When he hooked a drive into a tree on the fourth hole of Tuesday's Northville Invitational Skins Game, Billy Casper shouted, "I surrender."
When a tournament official announced that Casper had won $6,000 with an eight-foot birdie putt on the fifth hole, Casper feigned surprise, yelling "What, what?" and tumbled in a vaudevillian pratfall.The fact is, Casper's spirits were higher than the stakes in the nine-hole contest with fellow Senior Professional Golfers' Association Tour pros Bruce Crampton, Orville Moody and Gene Littler. Casper has a measure of contentment afforded a man who has become a millionaire twice in his golf career.
Casper, 57, was the sixth player to win $1 million on the regular PGA Tour. He achieved the milestone again on the circuit for players 50 and older when he won the Mazda Senior Tournament Players Championship in Ponte Verde, Fla., last weekend.
Casper is hard to miss on the Senior Tour. He plays in practically every tournament, wears colorful knickers, entertains galleries - and wins.
"He's someone I've looked up to for many years," said Crampton, 52, the big winner in Tuesday's Skins Game, with $15,000.
During his career on the regular tour, Casper won 51 titles, including the 1959 and 1966 U.S. Opens and 1970 Masters. But as younger players kept entering the Senior Tour in the past few years, he started feeling as if it were time to talk about his competitive career in the past tense.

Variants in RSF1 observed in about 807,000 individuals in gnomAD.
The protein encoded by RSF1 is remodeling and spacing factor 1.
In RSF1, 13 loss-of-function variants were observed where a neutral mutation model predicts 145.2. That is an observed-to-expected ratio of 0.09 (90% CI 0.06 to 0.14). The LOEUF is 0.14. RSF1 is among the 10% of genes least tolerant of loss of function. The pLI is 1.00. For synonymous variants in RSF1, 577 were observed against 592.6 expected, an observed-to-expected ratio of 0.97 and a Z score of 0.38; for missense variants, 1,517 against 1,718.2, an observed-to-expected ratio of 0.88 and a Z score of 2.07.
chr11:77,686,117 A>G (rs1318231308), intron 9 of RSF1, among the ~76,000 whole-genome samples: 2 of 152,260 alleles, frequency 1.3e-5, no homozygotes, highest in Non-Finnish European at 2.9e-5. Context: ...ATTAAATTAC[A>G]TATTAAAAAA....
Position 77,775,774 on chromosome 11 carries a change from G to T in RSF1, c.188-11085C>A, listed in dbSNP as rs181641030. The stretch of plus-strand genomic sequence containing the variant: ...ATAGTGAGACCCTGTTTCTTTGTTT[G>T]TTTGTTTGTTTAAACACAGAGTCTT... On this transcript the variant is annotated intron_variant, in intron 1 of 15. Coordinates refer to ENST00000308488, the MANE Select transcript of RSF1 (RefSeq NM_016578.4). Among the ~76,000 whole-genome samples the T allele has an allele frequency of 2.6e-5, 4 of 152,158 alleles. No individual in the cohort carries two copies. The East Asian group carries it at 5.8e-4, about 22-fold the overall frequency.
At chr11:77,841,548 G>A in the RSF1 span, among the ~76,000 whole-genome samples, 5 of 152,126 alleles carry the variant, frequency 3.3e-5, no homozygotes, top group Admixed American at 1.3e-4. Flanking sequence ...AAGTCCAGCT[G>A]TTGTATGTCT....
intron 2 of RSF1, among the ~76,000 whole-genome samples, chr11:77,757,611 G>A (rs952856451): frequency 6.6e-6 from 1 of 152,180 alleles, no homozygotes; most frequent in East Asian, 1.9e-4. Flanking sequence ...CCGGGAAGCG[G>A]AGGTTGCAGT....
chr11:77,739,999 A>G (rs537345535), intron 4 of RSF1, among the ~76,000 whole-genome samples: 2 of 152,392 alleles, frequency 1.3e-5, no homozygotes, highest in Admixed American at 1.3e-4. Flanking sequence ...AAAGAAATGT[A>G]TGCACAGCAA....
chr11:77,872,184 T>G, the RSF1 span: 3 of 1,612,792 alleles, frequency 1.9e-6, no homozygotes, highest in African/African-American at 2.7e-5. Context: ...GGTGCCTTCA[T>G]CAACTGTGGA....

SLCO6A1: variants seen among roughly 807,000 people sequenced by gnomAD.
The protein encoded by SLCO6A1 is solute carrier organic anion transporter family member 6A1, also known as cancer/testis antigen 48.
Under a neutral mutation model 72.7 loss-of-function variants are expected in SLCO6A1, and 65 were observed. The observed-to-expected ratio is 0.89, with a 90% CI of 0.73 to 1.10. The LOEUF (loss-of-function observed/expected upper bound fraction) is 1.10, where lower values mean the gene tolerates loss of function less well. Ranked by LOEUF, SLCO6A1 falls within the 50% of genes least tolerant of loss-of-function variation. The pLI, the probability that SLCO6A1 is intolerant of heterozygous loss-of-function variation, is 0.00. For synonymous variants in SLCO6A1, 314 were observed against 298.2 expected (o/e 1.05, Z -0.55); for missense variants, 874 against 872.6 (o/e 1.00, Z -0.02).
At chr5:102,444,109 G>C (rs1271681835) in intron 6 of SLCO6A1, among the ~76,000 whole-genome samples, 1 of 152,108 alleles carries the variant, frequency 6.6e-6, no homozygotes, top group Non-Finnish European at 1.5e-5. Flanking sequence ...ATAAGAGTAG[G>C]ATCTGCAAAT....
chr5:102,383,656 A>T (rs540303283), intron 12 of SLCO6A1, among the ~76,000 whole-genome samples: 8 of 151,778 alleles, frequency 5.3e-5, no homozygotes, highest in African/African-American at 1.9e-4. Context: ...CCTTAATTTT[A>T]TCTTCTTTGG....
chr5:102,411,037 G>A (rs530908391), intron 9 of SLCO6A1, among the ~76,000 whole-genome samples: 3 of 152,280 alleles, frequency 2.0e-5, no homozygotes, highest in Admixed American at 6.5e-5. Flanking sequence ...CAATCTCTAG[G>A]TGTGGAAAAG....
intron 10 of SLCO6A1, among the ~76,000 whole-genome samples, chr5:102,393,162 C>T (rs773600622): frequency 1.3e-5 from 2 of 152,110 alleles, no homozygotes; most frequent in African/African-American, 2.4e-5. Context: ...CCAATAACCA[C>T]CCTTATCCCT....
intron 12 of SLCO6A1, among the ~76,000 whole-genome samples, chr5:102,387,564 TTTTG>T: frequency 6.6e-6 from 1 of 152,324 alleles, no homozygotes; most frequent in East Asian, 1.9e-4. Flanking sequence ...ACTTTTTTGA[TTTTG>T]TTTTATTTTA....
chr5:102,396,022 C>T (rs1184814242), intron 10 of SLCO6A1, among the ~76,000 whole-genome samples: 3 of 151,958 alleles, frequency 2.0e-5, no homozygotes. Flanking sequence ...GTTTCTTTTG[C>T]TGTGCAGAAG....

"I felt, maybe it's here," he said. "You've got to wake up to reality one of these days."
Instead, all that awoke was his legendary putting stroke. Casper attributes the resurgence to his 18-year-old son and caddy, Charles. "He's so positive, he got me back on track," the elder Casper said.
"He says things when he's putting bad," the younger Casper said. "I've got to keep him thinking he's a good putter. He couldn't have won all those tournaments if he didn't putt well."
So Casper added the role of prominent contender to his self-imposed job as goodwill ambassador. "When I came out here, I saw there was going to be growth potential. I wanted to do everything I could to help it. I started wearing this stuff," he said, pointing to his plus-fours. "And I played in as many tournaments as I could."
He'll play in the Northville pro-am Wednesday and Thursday, and the 54-hole tournament, which starts Friday at the Meadow Brook Club here.
Tuesday, he had to settle for $6,000 (half of which will go to charity) as Crampton fired a 6-iron within nine feet and sank a birdie putt on the first extra hole - the 150-yard, par-3 18th - to win the largest sum. Moody, who eagled the first hole (the 517-yard, par-5 10th), also won $6,000, while Littler came up empty.